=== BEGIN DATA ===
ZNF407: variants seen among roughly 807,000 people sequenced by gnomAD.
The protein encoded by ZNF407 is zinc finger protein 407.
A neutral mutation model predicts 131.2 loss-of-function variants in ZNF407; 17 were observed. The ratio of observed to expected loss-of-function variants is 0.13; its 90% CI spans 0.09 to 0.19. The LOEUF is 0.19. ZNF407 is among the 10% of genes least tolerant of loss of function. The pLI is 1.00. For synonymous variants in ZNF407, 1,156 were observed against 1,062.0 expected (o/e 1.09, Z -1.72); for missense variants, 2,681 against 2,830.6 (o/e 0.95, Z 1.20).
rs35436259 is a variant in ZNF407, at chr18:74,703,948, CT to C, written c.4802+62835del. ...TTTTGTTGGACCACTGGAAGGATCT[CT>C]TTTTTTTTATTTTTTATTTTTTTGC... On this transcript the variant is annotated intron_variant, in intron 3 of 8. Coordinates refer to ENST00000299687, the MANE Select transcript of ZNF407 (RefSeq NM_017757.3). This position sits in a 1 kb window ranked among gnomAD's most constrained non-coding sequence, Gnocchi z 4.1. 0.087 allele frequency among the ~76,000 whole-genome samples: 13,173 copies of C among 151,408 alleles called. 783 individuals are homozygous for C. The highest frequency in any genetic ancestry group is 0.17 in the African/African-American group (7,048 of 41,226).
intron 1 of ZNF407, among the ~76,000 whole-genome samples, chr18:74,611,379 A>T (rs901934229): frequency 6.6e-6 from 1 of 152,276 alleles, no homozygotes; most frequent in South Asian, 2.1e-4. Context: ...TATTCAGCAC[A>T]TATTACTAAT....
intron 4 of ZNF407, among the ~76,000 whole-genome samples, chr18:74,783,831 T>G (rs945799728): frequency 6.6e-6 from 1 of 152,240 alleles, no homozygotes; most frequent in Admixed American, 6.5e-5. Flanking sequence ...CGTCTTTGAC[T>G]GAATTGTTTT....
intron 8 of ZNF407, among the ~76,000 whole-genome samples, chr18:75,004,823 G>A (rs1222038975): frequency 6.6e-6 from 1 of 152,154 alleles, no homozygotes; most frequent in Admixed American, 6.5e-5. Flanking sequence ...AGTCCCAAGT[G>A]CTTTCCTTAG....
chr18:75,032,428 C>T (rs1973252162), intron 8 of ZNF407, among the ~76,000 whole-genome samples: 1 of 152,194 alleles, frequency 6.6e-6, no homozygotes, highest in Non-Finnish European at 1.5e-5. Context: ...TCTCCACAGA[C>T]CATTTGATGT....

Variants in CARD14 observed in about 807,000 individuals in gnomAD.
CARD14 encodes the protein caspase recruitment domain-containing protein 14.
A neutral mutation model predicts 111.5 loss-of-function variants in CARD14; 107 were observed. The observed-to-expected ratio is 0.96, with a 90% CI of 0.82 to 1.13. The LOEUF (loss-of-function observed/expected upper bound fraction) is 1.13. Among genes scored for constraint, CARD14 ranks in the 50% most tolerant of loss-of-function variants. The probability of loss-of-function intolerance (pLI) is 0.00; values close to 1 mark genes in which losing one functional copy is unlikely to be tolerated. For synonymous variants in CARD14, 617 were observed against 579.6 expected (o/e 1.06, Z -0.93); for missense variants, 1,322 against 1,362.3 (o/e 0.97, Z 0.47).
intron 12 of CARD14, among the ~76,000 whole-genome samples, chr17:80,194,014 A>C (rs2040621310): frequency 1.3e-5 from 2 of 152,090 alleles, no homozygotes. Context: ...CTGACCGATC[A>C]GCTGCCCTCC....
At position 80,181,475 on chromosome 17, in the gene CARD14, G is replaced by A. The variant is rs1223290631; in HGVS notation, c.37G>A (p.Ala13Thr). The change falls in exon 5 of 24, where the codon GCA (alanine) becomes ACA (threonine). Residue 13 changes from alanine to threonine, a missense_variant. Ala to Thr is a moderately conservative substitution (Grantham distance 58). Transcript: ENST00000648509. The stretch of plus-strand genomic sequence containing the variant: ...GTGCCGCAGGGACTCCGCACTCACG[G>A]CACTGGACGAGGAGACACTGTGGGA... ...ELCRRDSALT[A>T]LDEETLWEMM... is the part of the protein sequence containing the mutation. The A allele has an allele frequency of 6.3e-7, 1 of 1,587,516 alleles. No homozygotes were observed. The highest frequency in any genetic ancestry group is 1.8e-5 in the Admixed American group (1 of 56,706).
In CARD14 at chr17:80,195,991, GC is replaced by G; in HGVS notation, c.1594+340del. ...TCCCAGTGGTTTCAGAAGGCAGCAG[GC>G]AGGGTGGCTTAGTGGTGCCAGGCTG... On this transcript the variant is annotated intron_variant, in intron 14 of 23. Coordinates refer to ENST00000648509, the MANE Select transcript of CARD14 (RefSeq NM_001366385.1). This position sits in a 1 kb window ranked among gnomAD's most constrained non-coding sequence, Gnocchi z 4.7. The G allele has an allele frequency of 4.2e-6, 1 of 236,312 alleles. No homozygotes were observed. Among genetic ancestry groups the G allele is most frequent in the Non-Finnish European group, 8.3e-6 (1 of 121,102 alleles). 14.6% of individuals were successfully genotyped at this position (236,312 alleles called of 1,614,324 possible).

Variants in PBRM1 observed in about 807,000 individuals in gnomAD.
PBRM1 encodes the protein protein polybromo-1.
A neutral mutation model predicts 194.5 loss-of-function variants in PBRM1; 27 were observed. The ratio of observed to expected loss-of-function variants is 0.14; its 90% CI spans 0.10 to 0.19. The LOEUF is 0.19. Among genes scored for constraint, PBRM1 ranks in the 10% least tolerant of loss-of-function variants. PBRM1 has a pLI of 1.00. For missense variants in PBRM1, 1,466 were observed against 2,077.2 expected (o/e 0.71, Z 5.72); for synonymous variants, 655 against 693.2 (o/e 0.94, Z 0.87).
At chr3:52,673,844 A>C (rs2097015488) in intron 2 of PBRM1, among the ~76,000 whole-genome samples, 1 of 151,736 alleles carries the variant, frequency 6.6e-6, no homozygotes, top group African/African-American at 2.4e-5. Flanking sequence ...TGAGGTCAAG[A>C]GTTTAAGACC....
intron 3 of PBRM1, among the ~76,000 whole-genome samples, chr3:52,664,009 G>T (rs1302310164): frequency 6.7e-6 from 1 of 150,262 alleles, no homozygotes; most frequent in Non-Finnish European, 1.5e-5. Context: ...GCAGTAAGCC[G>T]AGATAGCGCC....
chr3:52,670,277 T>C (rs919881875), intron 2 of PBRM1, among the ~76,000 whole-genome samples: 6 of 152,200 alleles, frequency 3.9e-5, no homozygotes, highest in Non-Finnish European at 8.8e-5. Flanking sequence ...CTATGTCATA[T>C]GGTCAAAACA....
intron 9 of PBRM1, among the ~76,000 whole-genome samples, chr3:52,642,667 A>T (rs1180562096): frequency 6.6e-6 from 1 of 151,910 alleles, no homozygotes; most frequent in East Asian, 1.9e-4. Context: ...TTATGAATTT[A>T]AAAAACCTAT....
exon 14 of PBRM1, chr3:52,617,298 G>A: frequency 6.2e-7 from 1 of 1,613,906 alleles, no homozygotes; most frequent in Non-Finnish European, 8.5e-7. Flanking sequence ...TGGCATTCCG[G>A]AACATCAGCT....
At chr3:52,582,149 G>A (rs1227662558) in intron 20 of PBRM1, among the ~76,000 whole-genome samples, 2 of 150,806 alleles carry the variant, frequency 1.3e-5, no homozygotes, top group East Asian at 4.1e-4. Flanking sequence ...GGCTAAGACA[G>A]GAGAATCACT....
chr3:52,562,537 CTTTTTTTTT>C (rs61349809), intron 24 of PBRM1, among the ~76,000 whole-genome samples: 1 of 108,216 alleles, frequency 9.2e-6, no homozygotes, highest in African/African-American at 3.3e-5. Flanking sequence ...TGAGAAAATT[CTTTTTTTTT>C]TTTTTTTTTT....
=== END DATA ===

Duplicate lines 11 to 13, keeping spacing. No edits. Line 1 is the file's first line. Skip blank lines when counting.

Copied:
A neutral mutation model predicts 111.5 loss-of-function variants in CARD14; 107 were observed. The observed-to-expected ratio is 0.96, with a 90% CI of 0.82 to 1.13. The LOEUF (loss-of-function observed/expected upper bound fraction) is 1.13. Among genes scored for constraint, CARD14 ranks in the 50% most tolerant of loss-of-function variants. The probability of loss-of-function intolerance (pLI) is 0.00; values close to 1 mark genes in which losing one functional copy is unlikely to be tolerated. For synonymous variants in CARD14, 617 were observed against 579.6 expected (o/e 1.06, Z -0.93); for missense variants, 1,322 against 1,362.3 (o/e 0.97, Z 0.47).
intron 12 of CARD14, among the ~76,000 whole-genome samples, chr17:80,194,014 A>C (rs2040621310): frequency 1.3e-5 from 2 of 152,090 alleles, no homozygotes. Context: ...CTGACCGATC[A>C]GCTGCCCTCC....
At position 80,181,475 on chromosome 17, in the gene CARD14, G is replaced by A. The variant is rs1223290631; in HGVS notation, c.37G>A (p.Ala13Thr). The change falls in exon 5 of 24, where the codon GCA (alanine) becomes ACA (threonine). Residue 13 changes from alanine to threonine, a missense_variant. Ala to Thr is a moderately conservative substitution (Grantham distance 58). Transcript: ENST00000648509. The stretch of plus-strand genomic sequence containing the variant: ...GTGCCGCAGGGACTCCGCACTCACG[G>A]CACTGGACGAGGAGACACTGTGGGA... ...ELCRRDSALT[A>T]LDEETLWEMM... is the part of the protein sequence containing the mutation. The A allele has an allele frequency of 6.3e-7, 1 of 1,587,516 alleles. No homozygotes were observed. The highest frequency in any genetic ancestry group is 1.8e-5 in the Admixed American group (1 of 56,706).